Watch out for the ghoulies Have you ever noticed that many ghoulies, zombies and other scary persona speak with British accents? That’s been my observation. Motion-sensitive Halloween displays have British accents. What’s with that? Are all zombies British? Or do they become British when they become zombies? Would French zombies speak in English accents? These are vexing questions. I know one thing for sure Montreal zombies don’t speak with English accents! Any English zombies in Montreal will have to learn to speak with French accents if they ever expect to order a meal! This is, of course, a spoof. But consider what our Halloween celebrations reveal about our understanding of true spiritual evil and those beings that, rather than being inventions of Hollywood or of creative toy designers, are real – and very, very dangerous. You know when it’s a really bad time to meet the real demons? When you meet them in the Lake of Fire. That sounds harsh, but our dance with the lighter side of Halloween may lead to a dance of death if we never deal with the reality of our eternal state without Christ. In Mathew 25:41 Jesus warns, “Then He will also say to those on His left, ‘Depart from Me, accursed ones, into the eternal fire which has been prepared for the devil and his angels.” (NASB) Also, Revelation 20:15, “And if anyone’s name was not found written in the book of life, he was thrown into the lake of fire.” (NASB) Now that’s scary stuff! But Jesus, in His death and resurrection provides the solution. In Hebrews 2:14-15 we discover, “that through death He might render powerless him who had the power of death, that is, the devil, and might free those who through fear of death were subject to slavery all their lives.” (NASB) So, don’t be afraid of those British zombies. Be afraid of coming judgment without Christ.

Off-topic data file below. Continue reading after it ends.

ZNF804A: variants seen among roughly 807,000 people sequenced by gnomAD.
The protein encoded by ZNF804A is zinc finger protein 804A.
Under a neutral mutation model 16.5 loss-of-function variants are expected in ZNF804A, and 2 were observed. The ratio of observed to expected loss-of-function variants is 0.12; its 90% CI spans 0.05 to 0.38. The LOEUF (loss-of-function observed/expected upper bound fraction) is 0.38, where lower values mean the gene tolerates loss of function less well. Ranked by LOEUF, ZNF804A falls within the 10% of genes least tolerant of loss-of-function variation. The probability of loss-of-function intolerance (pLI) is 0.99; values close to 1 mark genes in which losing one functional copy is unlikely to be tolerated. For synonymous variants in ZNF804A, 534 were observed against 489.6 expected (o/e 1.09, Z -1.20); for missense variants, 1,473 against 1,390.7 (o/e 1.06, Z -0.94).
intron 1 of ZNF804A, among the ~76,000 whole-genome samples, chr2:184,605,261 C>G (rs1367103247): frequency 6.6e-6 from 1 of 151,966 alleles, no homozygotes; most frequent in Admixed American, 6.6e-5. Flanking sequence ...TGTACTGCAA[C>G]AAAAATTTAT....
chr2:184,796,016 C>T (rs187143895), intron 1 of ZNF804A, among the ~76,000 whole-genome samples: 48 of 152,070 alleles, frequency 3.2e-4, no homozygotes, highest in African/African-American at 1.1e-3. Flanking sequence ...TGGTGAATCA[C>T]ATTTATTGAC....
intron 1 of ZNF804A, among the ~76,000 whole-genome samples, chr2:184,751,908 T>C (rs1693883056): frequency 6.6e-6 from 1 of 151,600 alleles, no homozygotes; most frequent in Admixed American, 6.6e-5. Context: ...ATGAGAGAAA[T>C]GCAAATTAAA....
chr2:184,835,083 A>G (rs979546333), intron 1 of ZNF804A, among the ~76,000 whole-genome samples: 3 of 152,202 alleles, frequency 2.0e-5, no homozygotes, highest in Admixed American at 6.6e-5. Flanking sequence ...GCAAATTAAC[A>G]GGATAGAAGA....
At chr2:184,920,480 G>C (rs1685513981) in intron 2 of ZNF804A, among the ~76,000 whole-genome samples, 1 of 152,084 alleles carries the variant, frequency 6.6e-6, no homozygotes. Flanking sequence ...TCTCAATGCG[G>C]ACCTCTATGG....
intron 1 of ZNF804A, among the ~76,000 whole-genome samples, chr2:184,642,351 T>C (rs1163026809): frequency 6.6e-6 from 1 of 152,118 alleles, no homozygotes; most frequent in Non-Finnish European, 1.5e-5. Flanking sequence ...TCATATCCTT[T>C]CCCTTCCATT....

Social Security covers disabled children Children are our future — we share our knowledge and talent with them — we pass on our values to them knowing they will share those gifts. Social Security safeguards children all year long, but we’d like to take this opportunity to share information about our programs that provide direct support to children. The latest information available says that in 2018 the Social Security program distributed about $2.7 billion each month to benefit about 4.1 million children on average each month because one or both of their parents are disabled, retired, or deceased. Those dollars help to provide the necessities of life for family members and help make it possible for those children to complete high school. When a working parent becomes disabled or dies, Social Security benefits help stabilize the family’s financial future. Children with disabilities are among our most vulnerable citizens. The Social Security Administration is dedicated to helping those with qualifying disabilities and their families through the Supplemental Security Income (SSI) program, which is separate from the Social Security program. To qualify for SSI: The child must have a physical or mental condition, or a combination of conditions, resulting in “marked and severe functional limitations.” This means that the condition(s) must severely limit your child’s activities; and the child’s condition(s) must be severe, last for at least 12 months, or be expected to result in death. If the parents of the child or children have more income or resources than are allowed, then the child or children will not qualify for SSI. You can read more about children’s benefits at www.socialsecurity.gov/pubs/EN-05-10026.pdf. Social Security and SSI also covers many chronic illnesses and conditions. The Compassionate Allowances program is a way to quickly identify people with diseases and other medical conditions that, by definition, meet the standards for disability benefits under the Social Security and SSI programs. Thousands of children receive SSI benefits because they have one of the conditions on the Compassionate Allowances list at www.socialsecurity.gov/compassionateallowances/conditions.htm. Keep in mind, Social Security and SSI are two very distinct and separate programs, and eligibility for each is different. Visit www.socialsecurity.gov/people/kids to learn more about all we do to care for children. Social Security is with you and your children throughout your life’s journey, securing today and tomorrow. If you know a family who needs our help, please share these resources with them. Vonda VanTil is the Public Affairs Specialist for West Michigan. You can write her c/o Social Security Administration, 3045 Knapp NE, Grand Rapids MI 49525 or via email at firstname.lastname@example.org.